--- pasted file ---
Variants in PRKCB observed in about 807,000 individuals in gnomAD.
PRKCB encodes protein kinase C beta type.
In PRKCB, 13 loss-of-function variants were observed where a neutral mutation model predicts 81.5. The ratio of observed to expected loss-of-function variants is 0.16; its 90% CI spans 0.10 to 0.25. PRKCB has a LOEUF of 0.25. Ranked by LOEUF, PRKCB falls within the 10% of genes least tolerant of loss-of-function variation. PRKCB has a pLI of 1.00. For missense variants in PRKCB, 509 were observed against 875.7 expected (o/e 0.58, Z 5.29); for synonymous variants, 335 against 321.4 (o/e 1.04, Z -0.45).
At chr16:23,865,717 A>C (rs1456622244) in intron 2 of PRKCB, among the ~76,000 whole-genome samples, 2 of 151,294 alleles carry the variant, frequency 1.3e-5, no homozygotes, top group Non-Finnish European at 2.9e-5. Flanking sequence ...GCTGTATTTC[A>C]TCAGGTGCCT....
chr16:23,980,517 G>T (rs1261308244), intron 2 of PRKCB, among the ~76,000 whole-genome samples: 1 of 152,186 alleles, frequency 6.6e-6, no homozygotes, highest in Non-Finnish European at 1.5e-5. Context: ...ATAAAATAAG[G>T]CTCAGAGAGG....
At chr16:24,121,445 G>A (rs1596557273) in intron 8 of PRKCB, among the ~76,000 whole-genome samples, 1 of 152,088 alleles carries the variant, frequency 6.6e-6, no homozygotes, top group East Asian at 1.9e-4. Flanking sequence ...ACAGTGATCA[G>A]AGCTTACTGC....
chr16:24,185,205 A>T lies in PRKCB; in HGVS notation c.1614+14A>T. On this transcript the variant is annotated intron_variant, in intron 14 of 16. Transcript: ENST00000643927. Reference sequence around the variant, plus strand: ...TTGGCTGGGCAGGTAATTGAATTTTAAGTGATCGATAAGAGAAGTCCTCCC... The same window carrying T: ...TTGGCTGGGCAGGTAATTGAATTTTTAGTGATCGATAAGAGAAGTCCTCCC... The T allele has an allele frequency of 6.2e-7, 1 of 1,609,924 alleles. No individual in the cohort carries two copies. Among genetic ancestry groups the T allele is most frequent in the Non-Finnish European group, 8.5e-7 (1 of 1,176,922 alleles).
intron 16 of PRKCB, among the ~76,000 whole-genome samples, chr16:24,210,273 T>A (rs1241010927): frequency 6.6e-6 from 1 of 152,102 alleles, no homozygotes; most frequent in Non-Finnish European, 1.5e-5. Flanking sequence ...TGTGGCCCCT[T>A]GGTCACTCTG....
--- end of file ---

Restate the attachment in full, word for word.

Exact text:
Variants in PRKCB observed in about 807,000 individuals in gnomAD.
PRKCB encodes protein kinase C beta type.
In PRKCB, 13 loss-of-function variants were observed where a neutral mutation model predicts 81.5. The ratio of observed to expected loss-of-function variants is 0.16; its 90% CI spans 0.10 to 0.25. PRKCB has a LOEUF of 0.25. Ranked by LOEUF, PRKCB falls within the 10% of genes least tolerant of loss-of-function variation. PRKCB has a pLI of 1.00. For missense variants in PRKCB, 509 were observed against 875.7 expected (o/e 0.58, Z 5.29); for synonymous variants, 335 against 321.4 (o/e 1.04, Z -0.45).
At chr16:23,865,717 A>C (rs1456622244) in intron 2 of PRKCB, among the ~76,000 whole-genome samples, 2 of 151,294 alleles carry the variant, frequency 1.3e-5, no homozygotes, top group Non-Finnish European at 2.9e-5. Flanking sequence ...GCTGTATTTC[A>C]TCAGGTGCCT....
chr16:23,980,517 G>T (rs1261308244), intron 2 of PRKCB, among the ~76,000 whole-genome samples: 1 of 152,186 alleles, frequency 6.6e-6, no homozygotes, highest in Non-Finnish European at 1.5e-5. Context: ...ATAAAATAAG[G>T]CTCAGAGAGG....
At chr16:24,121,445 G>A (rs1596557273) in intron 8 of PRKCB, among the ~76,000 whole-genome samples, 1 of 152,088 alleles carries the variant, frequency 6.6e-6, no homozygotes, top group East Asian at 1.9e-4. Flanking sequence ...ACAGTGATCA[G>A]AGCTTACTGC....
chr16:24,185,205 A>T lies in PRKCB; in HGVS notation c.1614+14A>T. On this transcript the variant is annotated intron_variant, in intron 14 of 16. Transcript: ENST00000643927. Reference sequence around the variant, plus strand: ...TTGGCTGGGCAGGTAATTGAATTTTAAGTGATCGATAAGAGAAGTCCTCCC... The same window carrying T: ...TTGGCTGGGCAGGTAATTGAATTTTTAGTGATCGATAAGAGAAGTCCTCCC... The T allele has an allele frequency of 6.2e-7, 1 of 1,609,924 alleles. No individual in the cohort carries two copies. Among genetic ancestry groups the T allele is most frequent in the Non-Finnish European group, 8.5e-7 (1 of 1,176,922 alleles).
intron 16 of PRKCB, among the ~76,000 whole-genome samples, chr16:24,210,273 T>A (rs1241010927): frequency 6.6e-6 from 1 of 152,102 alleles, no homozygotes; most frequent in Non-Finnish European, 1.5e-5. Flanking sequence ...TGTGGCCCCT[T>A]GGTCACTCTG....